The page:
Global Trends 2030: Alternative Worlds Global Trends 2030 is intended to stimulate thinking about the rapid and vast geopolitical changes characterizing the world today and possible global trajectories over the next 15 years. As with the NIC’s previous Global Trends reports, we do not seek to predict the future—which would be an impossible feat—but instead provide a framework for thinking about possible futures and their implications.
Media and regulators are demonizing Big Data and its supposed threat to privacy,” noted Jeff Jarvis, professor, pundit and blogger. “Such moral panics have occurred often thanks to changes in technology…But the moral of the story remains: there is value to be found in this data, value in our newfound publicness. Google’s founders have urged government regulators not to require them to quickly delete searches because, in their patterns and anomalies, they have found the ability to track the outbreak of the flu before health officials could and they believe that by similarly tracking a pandemic, millions of lives could be saved. Demonizing data, big or small, is demonizing knowledge, and that is never wise.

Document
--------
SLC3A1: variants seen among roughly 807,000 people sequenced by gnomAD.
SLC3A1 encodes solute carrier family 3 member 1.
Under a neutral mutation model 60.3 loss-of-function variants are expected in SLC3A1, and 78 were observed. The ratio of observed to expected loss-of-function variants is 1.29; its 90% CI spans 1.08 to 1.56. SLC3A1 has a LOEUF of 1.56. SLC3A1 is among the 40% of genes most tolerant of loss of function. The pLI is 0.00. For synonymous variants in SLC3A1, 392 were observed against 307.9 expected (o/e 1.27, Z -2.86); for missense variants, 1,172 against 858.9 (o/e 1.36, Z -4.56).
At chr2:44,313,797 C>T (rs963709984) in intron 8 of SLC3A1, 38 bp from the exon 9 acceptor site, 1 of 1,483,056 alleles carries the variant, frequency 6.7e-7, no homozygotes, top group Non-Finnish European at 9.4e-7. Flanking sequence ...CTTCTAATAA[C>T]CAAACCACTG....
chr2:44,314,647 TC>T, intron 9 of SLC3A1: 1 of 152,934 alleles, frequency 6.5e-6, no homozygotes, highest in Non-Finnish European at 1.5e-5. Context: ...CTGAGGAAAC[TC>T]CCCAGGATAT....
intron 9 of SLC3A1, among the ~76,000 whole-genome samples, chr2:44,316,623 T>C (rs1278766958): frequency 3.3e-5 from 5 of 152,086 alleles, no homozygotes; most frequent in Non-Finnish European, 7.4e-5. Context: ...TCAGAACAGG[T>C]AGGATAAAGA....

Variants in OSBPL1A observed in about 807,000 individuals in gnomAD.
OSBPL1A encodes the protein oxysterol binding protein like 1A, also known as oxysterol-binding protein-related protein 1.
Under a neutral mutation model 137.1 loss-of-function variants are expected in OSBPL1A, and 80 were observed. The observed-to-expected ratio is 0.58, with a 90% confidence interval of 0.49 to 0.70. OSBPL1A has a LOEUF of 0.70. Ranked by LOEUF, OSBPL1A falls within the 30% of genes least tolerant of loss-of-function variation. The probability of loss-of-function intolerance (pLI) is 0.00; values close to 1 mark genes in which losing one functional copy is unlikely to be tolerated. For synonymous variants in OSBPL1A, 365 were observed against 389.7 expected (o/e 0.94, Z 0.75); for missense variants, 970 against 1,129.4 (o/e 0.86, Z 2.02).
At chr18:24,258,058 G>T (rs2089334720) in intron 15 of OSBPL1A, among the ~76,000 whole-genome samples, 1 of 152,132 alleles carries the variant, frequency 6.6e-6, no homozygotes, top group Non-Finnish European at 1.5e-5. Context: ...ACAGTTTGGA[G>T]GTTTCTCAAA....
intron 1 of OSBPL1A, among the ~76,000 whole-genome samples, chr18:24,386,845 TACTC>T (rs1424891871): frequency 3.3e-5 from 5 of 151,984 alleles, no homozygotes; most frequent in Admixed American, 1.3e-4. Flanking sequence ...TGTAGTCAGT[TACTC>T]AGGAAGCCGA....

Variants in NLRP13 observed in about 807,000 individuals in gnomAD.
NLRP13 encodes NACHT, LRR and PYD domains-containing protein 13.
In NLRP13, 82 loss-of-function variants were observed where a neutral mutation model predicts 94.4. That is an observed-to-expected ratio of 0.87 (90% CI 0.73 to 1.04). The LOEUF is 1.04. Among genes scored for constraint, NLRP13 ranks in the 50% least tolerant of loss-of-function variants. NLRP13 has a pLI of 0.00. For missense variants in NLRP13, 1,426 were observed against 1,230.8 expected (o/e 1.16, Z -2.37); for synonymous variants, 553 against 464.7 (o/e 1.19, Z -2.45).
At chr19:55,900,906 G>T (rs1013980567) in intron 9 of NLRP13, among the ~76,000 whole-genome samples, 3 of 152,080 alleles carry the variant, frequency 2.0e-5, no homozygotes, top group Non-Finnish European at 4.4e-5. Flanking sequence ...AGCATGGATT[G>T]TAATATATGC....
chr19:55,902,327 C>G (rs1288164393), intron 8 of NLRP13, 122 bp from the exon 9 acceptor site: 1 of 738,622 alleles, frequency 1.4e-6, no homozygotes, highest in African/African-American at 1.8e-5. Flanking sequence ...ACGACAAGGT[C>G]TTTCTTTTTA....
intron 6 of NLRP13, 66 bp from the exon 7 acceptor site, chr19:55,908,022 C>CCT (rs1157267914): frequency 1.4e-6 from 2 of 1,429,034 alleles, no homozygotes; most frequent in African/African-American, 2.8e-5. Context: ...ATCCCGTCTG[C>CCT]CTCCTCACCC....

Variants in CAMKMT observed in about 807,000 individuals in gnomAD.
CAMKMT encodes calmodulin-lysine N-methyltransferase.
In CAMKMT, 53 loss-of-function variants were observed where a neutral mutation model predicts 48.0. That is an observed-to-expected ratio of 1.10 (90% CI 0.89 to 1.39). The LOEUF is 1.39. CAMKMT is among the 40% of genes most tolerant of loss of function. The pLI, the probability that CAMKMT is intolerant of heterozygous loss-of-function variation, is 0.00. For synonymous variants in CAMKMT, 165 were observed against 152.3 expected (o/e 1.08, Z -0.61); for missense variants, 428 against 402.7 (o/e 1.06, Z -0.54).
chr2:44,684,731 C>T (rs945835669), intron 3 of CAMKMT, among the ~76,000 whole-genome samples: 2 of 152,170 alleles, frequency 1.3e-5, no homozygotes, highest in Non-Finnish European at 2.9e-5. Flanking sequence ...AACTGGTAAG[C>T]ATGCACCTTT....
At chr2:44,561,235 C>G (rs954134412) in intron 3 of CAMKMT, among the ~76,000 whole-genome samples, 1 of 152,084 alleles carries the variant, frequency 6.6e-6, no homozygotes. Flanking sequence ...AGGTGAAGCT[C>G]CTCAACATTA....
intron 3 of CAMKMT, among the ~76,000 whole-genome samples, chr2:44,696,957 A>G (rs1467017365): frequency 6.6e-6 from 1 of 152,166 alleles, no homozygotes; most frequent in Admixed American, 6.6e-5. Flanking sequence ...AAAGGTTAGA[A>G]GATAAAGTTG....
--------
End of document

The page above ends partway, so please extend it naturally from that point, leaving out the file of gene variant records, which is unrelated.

Total spending on media and entertainment is projected to grow at a compound annual rate of 5.7 percent to $2.1 trillion by 2016….The future of media and entertainment is all about digital, which will generate 67 percent of spending growth in the next five years. But digital growth is not incremental—it’s directly cannibalizing older types of content distribution—like traditional books or even TV subscriptions. One business that will unilaterally benefit from the rise of digital: broadband and wireless service providers. Spending to access the Internet, both through broadband and Wi-Fi, will grow to $493 billion in 2016 from $317 billion in 2011…Interestingly, the report projects that music “will rebound with steady expansion,” growing to $19.8 billion in 2016 from $15.2 billion in 2011. Online radio advertising is projected to hit $802 million in 2016 while satellite radio ads are projected to generate $116 million in revenue….The publishing industry will see traditional print books decline, but that will be more than compensated by the rise in eBooks. Electronic books are projected to grow by an almost 32 percent compound annual growth rate.